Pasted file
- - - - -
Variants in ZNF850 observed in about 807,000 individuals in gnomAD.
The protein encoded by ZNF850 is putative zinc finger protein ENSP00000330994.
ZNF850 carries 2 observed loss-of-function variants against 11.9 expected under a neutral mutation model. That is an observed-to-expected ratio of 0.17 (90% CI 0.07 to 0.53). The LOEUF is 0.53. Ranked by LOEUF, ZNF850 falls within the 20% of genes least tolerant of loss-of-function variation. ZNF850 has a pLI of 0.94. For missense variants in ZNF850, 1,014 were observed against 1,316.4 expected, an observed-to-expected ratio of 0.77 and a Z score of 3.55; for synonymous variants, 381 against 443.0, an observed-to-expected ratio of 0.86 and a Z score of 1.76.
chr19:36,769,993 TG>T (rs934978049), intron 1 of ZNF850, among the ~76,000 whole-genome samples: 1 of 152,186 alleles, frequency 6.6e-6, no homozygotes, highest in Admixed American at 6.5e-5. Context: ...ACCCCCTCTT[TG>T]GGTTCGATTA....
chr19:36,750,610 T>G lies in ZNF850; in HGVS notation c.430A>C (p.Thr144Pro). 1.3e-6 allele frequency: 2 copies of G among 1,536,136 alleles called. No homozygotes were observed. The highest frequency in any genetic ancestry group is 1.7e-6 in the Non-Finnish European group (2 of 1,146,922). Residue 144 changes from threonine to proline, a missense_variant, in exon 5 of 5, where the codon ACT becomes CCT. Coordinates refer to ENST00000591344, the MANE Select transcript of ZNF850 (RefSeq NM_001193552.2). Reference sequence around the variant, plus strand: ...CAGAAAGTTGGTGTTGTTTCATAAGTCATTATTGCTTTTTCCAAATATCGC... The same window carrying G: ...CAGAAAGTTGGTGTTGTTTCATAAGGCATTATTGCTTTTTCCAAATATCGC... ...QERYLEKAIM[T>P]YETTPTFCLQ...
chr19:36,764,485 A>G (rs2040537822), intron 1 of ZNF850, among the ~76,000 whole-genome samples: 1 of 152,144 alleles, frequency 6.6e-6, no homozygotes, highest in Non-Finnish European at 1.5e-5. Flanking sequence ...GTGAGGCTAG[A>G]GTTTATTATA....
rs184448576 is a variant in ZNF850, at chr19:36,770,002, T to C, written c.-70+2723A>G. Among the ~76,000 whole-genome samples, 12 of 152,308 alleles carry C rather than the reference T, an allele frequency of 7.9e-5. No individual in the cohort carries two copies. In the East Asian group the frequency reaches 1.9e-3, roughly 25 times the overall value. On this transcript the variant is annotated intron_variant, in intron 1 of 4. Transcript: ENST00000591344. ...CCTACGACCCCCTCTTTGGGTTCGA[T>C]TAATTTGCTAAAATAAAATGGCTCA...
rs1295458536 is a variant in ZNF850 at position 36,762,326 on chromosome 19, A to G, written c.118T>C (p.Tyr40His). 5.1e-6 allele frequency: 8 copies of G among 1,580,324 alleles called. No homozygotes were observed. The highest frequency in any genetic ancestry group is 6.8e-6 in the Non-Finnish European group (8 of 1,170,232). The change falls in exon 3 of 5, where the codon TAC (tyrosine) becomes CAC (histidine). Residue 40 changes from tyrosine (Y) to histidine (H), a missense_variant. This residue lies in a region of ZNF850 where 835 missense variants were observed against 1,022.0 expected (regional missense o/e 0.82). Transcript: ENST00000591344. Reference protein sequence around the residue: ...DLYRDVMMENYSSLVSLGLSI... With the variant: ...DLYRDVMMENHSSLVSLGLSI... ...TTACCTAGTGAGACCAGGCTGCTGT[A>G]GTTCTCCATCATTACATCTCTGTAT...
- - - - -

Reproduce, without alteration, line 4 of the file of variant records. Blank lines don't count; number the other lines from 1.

chr19:36,769,993 TG>T (rs934978049), intron 1 of ZNF850, among the ~76,000 whole-genome samples: 1 of 152,186 alleles, frequency 6.6e-6, no homozygotes, highest in Admixed American at 6.5e-5. Context: ...ACCCCCTCTT[TG>T]GGTTCGATTA....